Beheading brings calls for tough laws to tackle UK jihadists
House arrest measures needed, says Carlile, and Clegg 'was wrong to block snooper's charter'
Pressure is mounting on David Cameron to reintroduce tougher anti-terror laws to tackle the threat of an estimated 250 British jihadists who have already returned from Iraq and Syria to the UK, and hundreds more who could return if they survive the American-backed campaign to stop IS.
Lord Carlile, the government's former independent adviser on anti-terrorism legislation, called this morning for the reintroduction of controversial control orders which would enable the authorities to put terrorist suspects under house arrest.
Control orders, introduced by Tony Blair in 2005, were replaced in January 2012 by so-called T-pims (Terrorism Prevention and Surveillance Measures) after judges ruled the control orders breached the human rights of terror suspects.The T-pims allow the intelligence and security services to carry out closer surveillance on suspects, but none are currently in operation.
The introduction of "beefed-up" T-pims would, said Carlile, ensure that people identified by "solid intelligence" as presenting a risk could be prevented from "activating their ideas". He added: "The T-pims ran out and the government decided to have no more for reasons I have never understood."
The Lib Dem peer's call comes as estimates of the number of British Muslims believed to have joined the Sunni fanatics of the Islamic State is revised up from 500 to as many as 1,500 or even 2,000.
The beheading of the US journalist James Foley by a jihadist thought to be a Londoner with the nickname 'Jihadi John' has brought a flood of calls to tackle what the Daily Mail's tough-talking columnist Richard Littlejohn calls "the enemy within".
Nigel Farage, the Ukip leader, called on Channel 4 News last night for jihadists re-entering the UK to be stripped of their British nationality even if they were born in this country.
Farage said it would doubtless be opposed by the European Court of Human Rights but the British government had a higher priority to guarantee the safety of its people. "The last thing we want is hundreds of people who have not just been radicalised but brutalised coming back into British society," he said.
There are also demands in the media for the police to arrest those people handing out pro-IS leaflets in London's Oxford Street and whoever was responsible for flying an IS flag in east London.
The Independent warns in an editorial that the Islamic State is a "seed-bed for terror against the West" and that home-grown terrorism could bring terror to Britain "on a scale that could eclipse even 9/11".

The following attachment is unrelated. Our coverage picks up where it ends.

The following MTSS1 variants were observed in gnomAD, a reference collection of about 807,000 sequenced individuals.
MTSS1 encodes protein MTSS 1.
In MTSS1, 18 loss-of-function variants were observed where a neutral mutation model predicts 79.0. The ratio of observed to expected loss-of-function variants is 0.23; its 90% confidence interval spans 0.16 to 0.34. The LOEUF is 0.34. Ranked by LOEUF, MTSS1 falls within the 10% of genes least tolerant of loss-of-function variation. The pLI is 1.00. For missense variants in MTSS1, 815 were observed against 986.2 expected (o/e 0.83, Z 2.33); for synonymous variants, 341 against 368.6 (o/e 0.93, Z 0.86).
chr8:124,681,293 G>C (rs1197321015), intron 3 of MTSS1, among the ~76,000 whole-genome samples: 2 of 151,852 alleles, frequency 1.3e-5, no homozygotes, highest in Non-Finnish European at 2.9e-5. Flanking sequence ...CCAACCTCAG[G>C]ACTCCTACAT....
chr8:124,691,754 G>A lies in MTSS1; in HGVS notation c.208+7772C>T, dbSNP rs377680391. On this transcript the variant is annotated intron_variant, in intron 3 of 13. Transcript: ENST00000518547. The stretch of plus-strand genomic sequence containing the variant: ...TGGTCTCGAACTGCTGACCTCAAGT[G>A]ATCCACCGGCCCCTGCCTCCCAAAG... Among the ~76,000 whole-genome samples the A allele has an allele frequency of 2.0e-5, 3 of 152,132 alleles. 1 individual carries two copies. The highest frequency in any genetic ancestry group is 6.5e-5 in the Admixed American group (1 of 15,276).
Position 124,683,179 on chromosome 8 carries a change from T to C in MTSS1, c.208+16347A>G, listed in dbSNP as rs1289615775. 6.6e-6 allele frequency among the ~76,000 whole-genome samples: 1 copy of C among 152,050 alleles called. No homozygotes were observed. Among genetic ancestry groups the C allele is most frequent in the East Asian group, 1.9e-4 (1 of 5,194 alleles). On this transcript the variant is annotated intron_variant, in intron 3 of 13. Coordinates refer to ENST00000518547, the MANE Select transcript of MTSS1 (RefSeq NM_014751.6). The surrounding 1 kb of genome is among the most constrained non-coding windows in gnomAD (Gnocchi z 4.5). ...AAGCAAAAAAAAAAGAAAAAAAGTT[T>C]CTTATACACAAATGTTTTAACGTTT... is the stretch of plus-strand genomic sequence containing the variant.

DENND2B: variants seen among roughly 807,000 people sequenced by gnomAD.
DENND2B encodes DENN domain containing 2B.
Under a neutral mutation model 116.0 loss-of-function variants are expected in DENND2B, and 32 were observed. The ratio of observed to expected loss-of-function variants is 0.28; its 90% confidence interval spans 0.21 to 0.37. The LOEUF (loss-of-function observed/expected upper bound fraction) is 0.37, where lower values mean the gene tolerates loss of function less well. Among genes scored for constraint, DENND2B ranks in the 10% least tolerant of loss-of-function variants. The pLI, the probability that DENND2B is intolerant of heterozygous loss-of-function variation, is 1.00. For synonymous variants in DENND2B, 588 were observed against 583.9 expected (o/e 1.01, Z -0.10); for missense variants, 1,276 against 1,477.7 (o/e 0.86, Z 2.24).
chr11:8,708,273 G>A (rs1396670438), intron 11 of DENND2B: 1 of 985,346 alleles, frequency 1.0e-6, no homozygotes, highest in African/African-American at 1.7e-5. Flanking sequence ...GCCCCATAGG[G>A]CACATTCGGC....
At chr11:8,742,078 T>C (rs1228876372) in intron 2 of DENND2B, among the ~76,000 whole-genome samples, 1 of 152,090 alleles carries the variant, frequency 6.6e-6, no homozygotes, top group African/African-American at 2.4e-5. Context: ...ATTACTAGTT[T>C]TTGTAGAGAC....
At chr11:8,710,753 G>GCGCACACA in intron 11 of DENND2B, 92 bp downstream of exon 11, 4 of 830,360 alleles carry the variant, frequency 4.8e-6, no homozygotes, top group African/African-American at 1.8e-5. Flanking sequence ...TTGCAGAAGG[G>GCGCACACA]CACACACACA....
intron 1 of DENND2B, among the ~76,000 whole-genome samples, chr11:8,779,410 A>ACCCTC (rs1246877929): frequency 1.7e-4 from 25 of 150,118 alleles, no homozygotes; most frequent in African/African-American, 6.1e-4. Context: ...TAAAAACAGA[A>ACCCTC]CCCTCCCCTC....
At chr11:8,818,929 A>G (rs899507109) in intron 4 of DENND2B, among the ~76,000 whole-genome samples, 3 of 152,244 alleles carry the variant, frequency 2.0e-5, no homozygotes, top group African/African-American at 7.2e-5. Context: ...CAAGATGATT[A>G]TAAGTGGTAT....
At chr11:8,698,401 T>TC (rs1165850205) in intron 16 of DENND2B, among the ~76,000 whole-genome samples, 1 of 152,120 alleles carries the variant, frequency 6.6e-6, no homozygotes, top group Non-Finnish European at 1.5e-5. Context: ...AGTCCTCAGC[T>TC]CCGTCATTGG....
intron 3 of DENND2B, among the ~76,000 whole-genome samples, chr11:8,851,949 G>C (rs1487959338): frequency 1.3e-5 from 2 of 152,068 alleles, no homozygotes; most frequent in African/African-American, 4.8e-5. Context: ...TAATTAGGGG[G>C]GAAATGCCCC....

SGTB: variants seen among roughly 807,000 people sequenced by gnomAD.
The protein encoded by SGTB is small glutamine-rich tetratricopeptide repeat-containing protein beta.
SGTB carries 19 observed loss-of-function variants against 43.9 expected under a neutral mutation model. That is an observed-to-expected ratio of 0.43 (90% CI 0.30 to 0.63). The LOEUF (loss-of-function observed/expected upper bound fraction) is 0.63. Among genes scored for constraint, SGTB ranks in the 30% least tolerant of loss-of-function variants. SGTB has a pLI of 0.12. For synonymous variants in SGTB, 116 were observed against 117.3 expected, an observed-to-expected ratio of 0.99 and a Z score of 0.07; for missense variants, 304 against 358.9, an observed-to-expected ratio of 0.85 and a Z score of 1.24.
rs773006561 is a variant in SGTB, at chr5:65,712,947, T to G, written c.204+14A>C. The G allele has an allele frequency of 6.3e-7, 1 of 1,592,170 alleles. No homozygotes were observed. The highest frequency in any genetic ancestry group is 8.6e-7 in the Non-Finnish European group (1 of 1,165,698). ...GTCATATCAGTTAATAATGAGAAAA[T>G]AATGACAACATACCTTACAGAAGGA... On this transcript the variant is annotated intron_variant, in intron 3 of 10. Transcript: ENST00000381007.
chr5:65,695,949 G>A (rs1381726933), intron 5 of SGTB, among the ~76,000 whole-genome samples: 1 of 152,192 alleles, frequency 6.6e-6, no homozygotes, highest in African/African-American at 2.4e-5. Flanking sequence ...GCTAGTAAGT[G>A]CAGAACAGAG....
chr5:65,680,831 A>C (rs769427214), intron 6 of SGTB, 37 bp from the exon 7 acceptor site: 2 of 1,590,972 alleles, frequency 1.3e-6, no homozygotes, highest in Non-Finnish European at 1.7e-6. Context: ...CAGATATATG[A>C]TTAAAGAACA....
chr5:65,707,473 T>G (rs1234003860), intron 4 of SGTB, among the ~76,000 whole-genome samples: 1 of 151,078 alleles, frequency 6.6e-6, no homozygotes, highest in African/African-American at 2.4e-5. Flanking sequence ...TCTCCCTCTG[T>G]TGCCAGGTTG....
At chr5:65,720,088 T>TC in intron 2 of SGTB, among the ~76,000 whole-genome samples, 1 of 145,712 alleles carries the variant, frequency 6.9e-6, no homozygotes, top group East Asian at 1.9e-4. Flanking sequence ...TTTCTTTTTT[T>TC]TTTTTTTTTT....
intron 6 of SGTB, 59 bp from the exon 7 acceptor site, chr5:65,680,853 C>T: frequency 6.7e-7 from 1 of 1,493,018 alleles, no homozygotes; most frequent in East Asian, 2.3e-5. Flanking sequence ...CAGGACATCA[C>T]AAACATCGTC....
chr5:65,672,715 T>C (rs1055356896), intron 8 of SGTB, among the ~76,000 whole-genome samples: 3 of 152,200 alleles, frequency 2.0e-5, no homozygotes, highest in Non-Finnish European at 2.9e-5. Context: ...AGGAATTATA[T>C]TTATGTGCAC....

There will be understandable concern among British Muslim leaders that we could be rushing into unnecessarily repressive legislation to confront IS supporters. But the advice of Lord Carlile, a deputy high court judge, cannot be dismissed lightly. He is widely respected at Westminster and, if Parliament were sitting, there would almost certainly be widespread support for his call for tougher measures.
Carlile, appearing on Radio 4's Today programme, also called for the reintroduction of the controversial Communications Data Bill, designed to give police and the security services the right to obtain information about emails and data passing between suspected terrorists (though not the actual content of conversations).
The Bill was withdrawn by the Home Secretary Theresa May after opposition from Carlile¹s party leader, Nick Clegg, amid widespread criticism that it was a "snooper's charter".
"It is absolutely time to reintroduce the Communications Data Bill," said Carlile. "I have made it clear to Mr Clegg and others in my party that I think they were wrong to reject what was merely an attempt to ensure that what we are doing now and have been doing for years was encased in a solid Act of Parliament. We are not talking about intercepting people's telephone calls."
Michael Savage of The Times reveals that key recommendations sent to the government by a task force after the murder of Fusilier Lee Rigby have yet to be implemented. One was to create a new order banning groups that undermined democracy or used "hate speech". Whitehall sources have said that work is "ongoing".
Lord Dannatt, the former army chief, said on the Today programme that Parliament should be recalled next week to debate these issues.
But David Cameron, back on holiday in Cornwall, has shown no appetite for recalling MPs before they return to Westminster anyway on 1 September.